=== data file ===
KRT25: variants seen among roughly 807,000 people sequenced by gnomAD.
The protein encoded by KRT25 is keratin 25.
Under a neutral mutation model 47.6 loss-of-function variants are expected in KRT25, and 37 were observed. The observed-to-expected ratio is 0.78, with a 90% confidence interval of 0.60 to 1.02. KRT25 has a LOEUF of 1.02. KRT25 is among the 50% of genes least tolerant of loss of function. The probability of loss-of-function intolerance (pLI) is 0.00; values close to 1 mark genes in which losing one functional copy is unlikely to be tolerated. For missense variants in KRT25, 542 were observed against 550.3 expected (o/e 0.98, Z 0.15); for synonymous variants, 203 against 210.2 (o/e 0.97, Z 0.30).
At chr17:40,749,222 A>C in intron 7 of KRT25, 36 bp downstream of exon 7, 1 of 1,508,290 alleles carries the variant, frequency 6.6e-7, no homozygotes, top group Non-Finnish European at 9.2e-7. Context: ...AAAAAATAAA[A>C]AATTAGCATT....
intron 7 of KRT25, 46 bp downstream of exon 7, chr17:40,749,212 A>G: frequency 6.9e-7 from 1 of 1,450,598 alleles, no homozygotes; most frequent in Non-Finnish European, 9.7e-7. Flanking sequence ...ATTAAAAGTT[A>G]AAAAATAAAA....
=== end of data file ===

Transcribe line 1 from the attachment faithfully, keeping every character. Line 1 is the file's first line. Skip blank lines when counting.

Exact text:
KRT25: variants seen among roughly 807,000 people sequenced by gnomAD.